Australia Says ‘Protocols in Place’ as 800 COVID-Infected Passengers Disembark From Cruise Ship


A cruise ship carrying about 800 passengers infected with the novel coronavirus docked to disembark in Sydney on Nov. 12, with Australia’s Home Affairs Minister assuring the public that there are “protocols in place” to contain the situation.

The Majestic Princess cruise ship docked in Sydney, the capital of New South Wales (NSW), carrying 3,300 passengers and 1,000 crew, of which 800 on board have tested positive for the virus, cruise operator Carnival Australia told reporters.

All staff and passengers 12 years and older were “fully vaccinated,” according to state governments requirements for cruising. Passengers also must have returned a negative PCR test within 48 hours before boarding and a negative RAT test. Crew undergo regular testing.

Marguerite Fitzgerald, president of Carnival Australia, said passengers infected with the virus were asymptomatic or mildly symptomatic, and were isolated in their rooms.

“This is a 12-day voyage and we started to see elevated cases about halfway through,” she told local media.

NSW Health rated the risk level for the Majestic Princess as “Tier Three,” indicating a high level of transmission, and said that it has been liaising with the cruise operator before and throughout the outbreak.

“Carnival, the cruise operator, has advised NSW Health that all COVID-positive people are isolating and being cared for by the onboard medical team,” it said in a statement, adding that Carnival will assist infected passengers to make safe onward travel arrangements.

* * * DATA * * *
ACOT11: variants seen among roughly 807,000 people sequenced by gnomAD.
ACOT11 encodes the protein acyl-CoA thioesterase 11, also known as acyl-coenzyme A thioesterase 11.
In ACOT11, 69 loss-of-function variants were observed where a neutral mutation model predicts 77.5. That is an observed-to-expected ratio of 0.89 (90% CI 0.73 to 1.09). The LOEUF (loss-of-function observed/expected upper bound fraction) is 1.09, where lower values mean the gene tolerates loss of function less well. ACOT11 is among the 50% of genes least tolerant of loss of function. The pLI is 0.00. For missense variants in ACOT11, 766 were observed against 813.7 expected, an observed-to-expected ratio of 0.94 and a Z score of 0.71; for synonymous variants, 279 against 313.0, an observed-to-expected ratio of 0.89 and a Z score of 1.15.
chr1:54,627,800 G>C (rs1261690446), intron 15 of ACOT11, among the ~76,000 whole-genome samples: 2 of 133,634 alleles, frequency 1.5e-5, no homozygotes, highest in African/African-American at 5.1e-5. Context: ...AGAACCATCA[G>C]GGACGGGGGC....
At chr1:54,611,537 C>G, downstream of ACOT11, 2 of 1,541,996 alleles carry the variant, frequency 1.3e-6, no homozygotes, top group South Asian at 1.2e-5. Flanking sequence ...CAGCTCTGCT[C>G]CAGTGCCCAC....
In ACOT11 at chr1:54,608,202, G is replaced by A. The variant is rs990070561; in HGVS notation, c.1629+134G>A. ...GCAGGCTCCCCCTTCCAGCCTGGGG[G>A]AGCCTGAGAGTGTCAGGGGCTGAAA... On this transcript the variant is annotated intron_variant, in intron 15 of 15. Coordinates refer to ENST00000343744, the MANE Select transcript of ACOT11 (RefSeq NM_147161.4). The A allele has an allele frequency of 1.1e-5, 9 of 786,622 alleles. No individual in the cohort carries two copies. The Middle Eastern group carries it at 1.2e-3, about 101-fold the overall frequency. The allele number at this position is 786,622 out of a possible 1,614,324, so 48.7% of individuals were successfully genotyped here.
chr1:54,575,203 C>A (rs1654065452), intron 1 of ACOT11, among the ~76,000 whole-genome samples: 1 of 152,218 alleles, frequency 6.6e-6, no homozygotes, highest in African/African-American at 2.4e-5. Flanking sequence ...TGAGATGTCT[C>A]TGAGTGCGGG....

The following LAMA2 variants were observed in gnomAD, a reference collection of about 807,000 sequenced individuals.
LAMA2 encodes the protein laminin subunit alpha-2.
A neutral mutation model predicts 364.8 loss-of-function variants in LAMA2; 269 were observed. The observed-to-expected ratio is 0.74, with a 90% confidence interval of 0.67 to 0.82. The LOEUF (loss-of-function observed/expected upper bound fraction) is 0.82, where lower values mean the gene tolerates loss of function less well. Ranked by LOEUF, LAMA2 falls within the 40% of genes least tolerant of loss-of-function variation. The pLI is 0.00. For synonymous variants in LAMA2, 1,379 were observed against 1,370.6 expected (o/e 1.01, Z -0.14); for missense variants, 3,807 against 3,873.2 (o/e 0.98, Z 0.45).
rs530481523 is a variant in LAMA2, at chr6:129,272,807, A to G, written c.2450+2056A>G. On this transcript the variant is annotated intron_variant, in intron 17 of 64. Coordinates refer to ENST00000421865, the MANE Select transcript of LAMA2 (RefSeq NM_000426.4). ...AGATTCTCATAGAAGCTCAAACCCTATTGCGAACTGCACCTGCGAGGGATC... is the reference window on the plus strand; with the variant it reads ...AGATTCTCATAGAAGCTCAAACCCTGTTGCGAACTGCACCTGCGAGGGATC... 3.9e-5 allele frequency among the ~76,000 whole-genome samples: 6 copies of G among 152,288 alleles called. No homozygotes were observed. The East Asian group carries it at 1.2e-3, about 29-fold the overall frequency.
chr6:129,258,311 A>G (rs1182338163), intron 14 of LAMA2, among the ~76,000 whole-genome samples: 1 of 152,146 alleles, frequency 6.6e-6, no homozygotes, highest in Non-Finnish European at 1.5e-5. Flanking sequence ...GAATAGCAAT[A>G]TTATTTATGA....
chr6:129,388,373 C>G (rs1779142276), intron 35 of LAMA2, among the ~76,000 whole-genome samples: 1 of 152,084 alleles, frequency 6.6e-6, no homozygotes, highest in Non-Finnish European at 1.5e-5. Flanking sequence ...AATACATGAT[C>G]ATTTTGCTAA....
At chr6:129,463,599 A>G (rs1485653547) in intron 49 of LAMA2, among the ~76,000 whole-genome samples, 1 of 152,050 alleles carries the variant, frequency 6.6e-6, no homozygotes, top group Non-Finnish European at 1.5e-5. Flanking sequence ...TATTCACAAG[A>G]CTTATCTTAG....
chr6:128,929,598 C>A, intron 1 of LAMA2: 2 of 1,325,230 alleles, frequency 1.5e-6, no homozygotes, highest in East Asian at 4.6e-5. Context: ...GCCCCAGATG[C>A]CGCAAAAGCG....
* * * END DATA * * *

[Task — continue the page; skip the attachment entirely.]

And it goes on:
Carnival Australia has been operating cruises for the last six months.

Fitzgerald said that passengers disembarking from the ship had undertaken a rapid antigen test in the last 24 hours, and would disembark in two groups: those testing negative and those testing positive. Everyone disembarking is required to be masked, “regardless of COVID status,” she added.

Commenting on the situation, Home Affairs Minister Clare O’Neil said that NSW Health would take the lead in managing how they will assist the passengers and handle disembarkation “on a case-by-case basis.”

“I would say that there’s regular protocols in place that have arisen out of the Ruby Princess and I’m sure NSW Health will be out and about later today to answer questions about the decisions that they’ve made,” she told reporters.

“The role of Border Force here is supplementary to the lead on the health issues,” the minister added.

The outbreak comes as Omicron cases rise across Australia, reflecting community transmission of the variant XBB, according to the federal government.

“We are also closely monitoring the overseas transmission of a second Omicron variant—BQ.1,” Professor Paul Kelly, Australia’a chief medical officer, said in a statement.

“While evidence is still emerging, the experience to date with these two variants overseas is that they do not appear to pose a greater risk of severe illness and death—and that the COVID-19 vaccines provide good protection against these outcomes.”

The World Health Organisation (WHO) said in early October that rising case numbers in Europe were likely indicating the start of another wave of COVID-19 infections. The United States has also recorded an increase in cases.

Reuters contributed to this report.

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Aldgra Fredly is a freelance writer based in Malaysia, covering Asia Pacific news for The Epoch Times.



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